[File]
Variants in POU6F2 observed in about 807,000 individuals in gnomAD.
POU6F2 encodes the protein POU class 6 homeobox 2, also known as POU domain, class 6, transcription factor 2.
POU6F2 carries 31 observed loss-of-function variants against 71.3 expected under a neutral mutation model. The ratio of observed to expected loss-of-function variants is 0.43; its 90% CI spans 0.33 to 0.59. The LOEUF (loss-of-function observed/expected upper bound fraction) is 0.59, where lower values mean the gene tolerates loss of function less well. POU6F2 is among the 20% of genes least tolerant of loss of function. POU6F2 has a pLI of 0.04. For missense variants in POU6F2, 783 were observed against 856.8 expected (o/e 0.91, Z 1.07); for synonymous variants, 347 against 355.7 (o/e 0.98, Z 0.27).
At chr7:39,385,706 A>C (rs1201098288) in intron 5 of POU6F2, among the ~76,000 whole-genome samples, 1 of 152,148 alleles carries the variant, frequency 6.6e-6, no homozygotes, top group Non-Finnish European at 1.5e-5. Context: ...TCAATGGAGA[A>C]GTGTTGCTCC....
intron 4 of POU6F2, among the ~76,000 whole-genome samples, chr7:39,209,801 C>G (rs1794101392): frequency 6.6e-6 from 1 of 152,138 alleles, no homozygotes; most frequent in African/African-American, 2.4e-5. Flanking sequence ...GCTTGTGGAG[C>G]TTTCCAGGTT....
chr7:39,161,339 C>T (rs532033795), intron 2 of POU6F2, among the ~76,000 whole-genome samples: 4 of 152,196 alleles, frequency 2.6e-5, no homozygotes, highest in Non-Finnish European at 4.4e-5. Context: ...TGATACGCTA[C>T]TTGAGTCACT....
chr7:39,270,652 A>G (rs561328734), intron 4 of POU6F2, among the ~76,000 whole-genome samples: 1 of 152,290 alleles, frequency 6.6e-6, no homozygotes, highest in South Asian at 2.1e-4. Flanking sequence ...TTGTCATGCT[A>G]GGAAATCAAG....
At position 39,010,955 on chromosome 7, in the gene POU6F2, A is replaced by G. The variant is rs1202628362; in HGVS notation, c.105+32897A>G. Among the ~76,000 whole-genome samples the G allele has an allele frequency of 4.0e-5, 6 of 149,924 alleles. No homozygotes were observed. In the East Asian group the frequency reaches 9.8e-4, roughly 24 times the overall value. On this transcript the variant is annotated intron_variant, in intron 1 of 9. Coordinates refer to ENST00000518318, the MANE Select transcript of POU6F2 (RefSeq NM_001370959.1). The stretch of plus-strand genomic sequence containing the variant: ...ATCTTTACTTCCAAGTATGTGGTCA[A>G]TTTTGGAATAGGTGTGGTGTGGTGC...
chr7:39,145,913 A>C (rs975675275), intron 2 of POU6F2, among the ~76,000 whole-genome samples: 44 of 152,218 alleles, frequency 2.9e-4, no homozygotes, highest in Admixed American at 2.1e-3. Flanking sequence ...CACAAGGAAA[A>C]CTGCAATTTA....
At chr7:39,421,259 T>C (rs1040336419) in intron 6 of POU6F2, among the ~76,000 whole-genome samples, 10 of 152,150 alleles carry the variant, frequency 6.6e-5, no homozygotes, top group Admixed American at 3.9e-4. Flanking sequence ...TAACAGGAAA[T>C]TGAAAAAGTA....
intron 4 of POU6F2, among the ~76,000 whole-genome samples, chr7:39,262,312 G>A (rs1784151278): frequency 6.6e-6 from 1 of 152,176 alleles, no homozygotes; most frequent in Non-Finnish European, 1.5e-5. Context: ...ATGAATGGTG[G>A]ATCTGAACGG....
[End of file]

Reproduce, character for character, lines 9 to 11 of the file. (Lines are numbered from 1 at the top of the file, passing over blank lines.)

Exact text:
chr7:39,145,913 A>C (rs975675275), intron 2 of POU6F2, among the ~76,000 whole-genome samples: 44 of 152,218 alleles, frequency 2.9e-4, no homozygotes, highest in Admixed American at 2.1e-3. Flanking sequence ...CACAAGGAAA[A>C]CTGCAATTTA....
At chr7:39,421,259 T>C (rs1040336419) in intron 6 of POU6F2, among the ~76,000 whole-genome samples, 10 of 152,150 alleles carry the variant, frequency 6.6e-5, no homozygotes, top group Admixed American at 3.9e-4. Flanking sequence ...TAACAGGAAA[T>C]TGAAAAAGTA....
intron 4 of POU6F2, among the ~76,000 whole-genome samples, chr7:39,262,312 G>A (rs1784151278): frequency 6.6e-6 from 1 of 152,176 alleles, no homozygotes; most frequent in Non-Finnish European, 1.5e-5. Context: ...ATGAATGGTG[G>A]ATCTGAACGG....